Current Healthcare System Not Meeting Needs For a Third of Canadians

    More than half open to trying alternative and natural therapies before a
    more traditional approach

    TORONTO, July 14 /CNW/ - Seventy per cent of Canadians believe
prescription medications are prescribed more often than necessary and one
third does not believe the Canadian healthcare system meets their needs, says
a recent Leger Marketing study.
    But some believe the quality of Canadian health is suffering because
individuals are not doing a good job of taking care of themselves on a
day-to-day basis, rather than as a result of society failing to advance
treatments for complicated illness and disease.
    Though Canadians have unprecedented access to modern science and
medicine, fear looms that for the first time a generation of Canadians might
have a shorter life expectancy than their parents.
    "This is a powerful commentary on the current state of healthcare and may
be why more than half of all Canadians feel that before traditional drugs are
prescribed they would consider alternative and natural therapies," said
Dr. Aileen Burford-Mason, Immunologist and spokesperson for Orthomolecular
    As a practitioner of Orthomolecular medicine, Aileen Burford-Mason often
sees people who fail to ensure their bodies are being properly nourished with
vitamins and other essential nutrients, and who are therefore potentially
exposing themselves to life threatening conditions. For example, studies now
show that heart patients with the lowest blood levels of vitamin D are twice
as likely to die from their disease as those with higher levels of the
    "That's why we call illnesses like heart disease 'degenerative'," she
explains. "The body is degenerating because it doesn't have the proper
nutrients to repair and maintain healthy tissue and keep organs like the heart
functioning optimally."
    Many illnesses are linked to vitamin and nutrient deficiencies, which in
turn cause molecular imbalances that lead to common everyday health problems,
said Dr. Burford-Mason, adding that rather than simply seeking prescription
medications to treat symptoms, individuals must ensure they provide their
bodies with the base vitamins and nutrients essential for good health."
    To increase energy levels, an individual might need a good quality daily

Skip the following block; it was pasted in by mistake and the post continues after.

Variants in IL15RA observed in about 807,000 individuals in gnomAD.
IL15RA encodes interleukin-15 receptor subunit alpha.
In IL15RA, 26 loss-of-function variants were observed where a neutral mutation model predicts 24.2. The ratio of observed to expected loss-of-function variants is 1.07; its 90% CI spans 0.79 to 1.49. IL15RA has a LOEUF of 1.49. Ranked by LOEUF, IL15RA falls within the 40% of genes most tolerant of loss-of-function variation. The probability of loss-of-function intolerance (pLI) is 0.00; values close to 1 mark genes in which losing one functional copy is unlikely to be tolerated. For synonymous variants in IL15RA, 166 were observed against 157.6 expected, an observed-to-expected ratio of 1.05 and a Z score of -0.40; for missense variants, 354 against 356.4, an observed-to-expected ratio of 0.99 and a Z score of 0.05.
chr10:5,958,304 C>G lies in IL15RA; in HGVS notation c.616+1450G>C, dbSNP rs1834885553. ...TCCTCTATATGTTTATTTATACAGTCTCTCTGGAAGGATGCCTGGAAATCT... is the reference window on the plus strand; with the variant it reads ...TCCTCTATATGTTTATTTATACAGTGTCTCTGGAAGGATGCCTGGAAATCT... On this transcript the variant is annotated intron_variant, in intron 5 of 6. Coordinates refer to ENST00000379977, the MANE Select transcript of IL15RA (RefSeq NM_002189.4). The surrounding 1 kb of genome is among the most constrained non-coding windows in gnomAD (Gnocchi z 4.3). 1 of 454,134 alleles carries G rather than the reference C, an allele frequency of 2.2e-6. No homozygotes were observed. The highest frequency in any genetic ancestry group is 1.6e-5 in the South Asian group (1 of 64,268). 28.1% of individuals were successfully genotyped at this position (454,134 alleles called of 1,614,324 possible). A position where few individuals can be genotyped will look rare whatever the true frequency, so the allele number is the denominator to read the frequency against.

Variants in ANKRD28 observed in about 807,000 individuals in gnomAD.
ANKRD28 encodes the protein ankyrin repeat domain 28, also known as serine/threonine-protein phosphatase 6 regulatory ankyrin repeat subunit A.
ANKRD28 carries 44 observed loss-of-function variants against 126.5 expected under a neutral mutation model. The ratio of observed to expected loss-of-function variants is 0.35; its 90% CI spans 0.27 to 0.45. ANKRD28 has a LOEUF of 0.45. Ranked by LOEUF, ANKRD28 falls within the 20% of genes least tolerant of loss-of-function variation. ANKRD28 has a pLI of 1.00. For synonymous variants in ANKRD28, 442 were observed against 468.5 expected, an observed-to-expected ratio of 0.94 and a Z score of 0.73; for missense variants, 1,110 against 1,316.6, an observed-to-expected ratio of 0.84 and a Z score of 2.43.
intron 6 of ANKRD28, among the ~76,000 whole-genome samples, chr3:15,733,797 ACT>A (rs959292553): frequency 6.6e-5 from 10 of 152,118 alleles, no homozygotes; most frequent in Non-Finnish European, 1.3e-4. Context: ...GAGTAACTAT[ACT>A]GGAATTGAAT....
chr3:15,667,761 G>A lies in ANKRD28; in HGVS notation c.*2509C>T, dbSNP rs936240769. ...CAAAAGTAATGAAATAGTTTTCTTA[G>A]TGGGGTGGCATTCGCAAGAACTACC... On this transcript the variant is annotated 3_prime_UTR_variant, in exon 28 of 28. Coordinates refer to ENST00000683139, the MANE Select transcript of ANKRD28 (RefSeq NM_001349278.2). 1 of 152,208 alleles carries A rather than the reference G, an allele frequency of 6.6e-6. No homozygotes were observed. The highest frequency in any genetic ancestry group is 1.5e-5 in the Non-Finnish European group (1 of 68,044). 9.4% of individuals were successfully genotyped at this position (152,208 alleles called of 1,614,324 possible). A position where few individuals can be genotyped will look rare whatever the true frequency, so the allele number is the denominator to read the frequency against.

multivitamin because fatigue is one of the first signs of a deficiency of any
of the 40 essential nutrients. But a diet low in sugar and starch is also
important, and a person's health can frequently be improved with proper diet
and supplementation before resorting to medication.
    Dr. Aileen Burford-Mason is available for interviews to provide more
information on Orthomolecular medicine, the scientific approach to preventing
the onset of illness or healing the body by using diet and nutritional
supplements. Individuals who have treated an illness with Orthomoleculr
medicine are also available to share their stories.

    See below for regional breakdown of results.

    About Orthomolecular Health
    Orthomolecular Health educates the public and health professionals on the
benefits and practice of the orthomolecular approach to health. It is
dedicated to the advancement of orthomolecular medicine in Canada and

    About Orthomolecular Medicine
    Orthomolecular medicine is a scientific approach to preventing the onset
of illness or healing the body, using diet and nutritional supplements -
substances which are natural to the body.

    Survey Methodology
    Leger Marketing conducted this survey online. Data was collected between
January 30 and February 3, 2008. A total of 1,000 interviews were completed.
The margin of error for a sample of this size is +/-3.1%, 19 times out of 20.

    Regional Breakdown of Results
    One third of Canadians feel the current Canadian healthcare system is not
meeting their needs:
    28% Atlantic Canada
    36% Quebec
    29% Ontario
    34% Manitoba and Saskatchewan
    33% Alberta
    45% BC

    More than half (54%) of Canadians are frustrated with the Canadian
healthcare system:
    49% Atlantic Canada
    48% Quebec
    54% Ontario
    71% Manitoba and Saskatchewan
    63% Alberta
    55% BC

    Seven in ten Canadians agree that prescription medications are prescribed
more often than necessary:
    71% Atlantic Canada
    71% Quebec
    67% Ontario
    80% Manitoba and Saskatchewan
    64% Alberta
    73% BC

    Almost six out of 10 (57%) Canadians agree that alternative and natural
therapies should be considered before traditional drugs are prescribed:
    59% Atlantic Canada
    56% Quebec
    56% Ontario
    53% Manitoba and Saskatchewan
    60% Alberta
    62% BC

For further information:

For further information: Sonia Prashar, APEX Public Relations Inc.,
(416) 924-4442 ext. 223,

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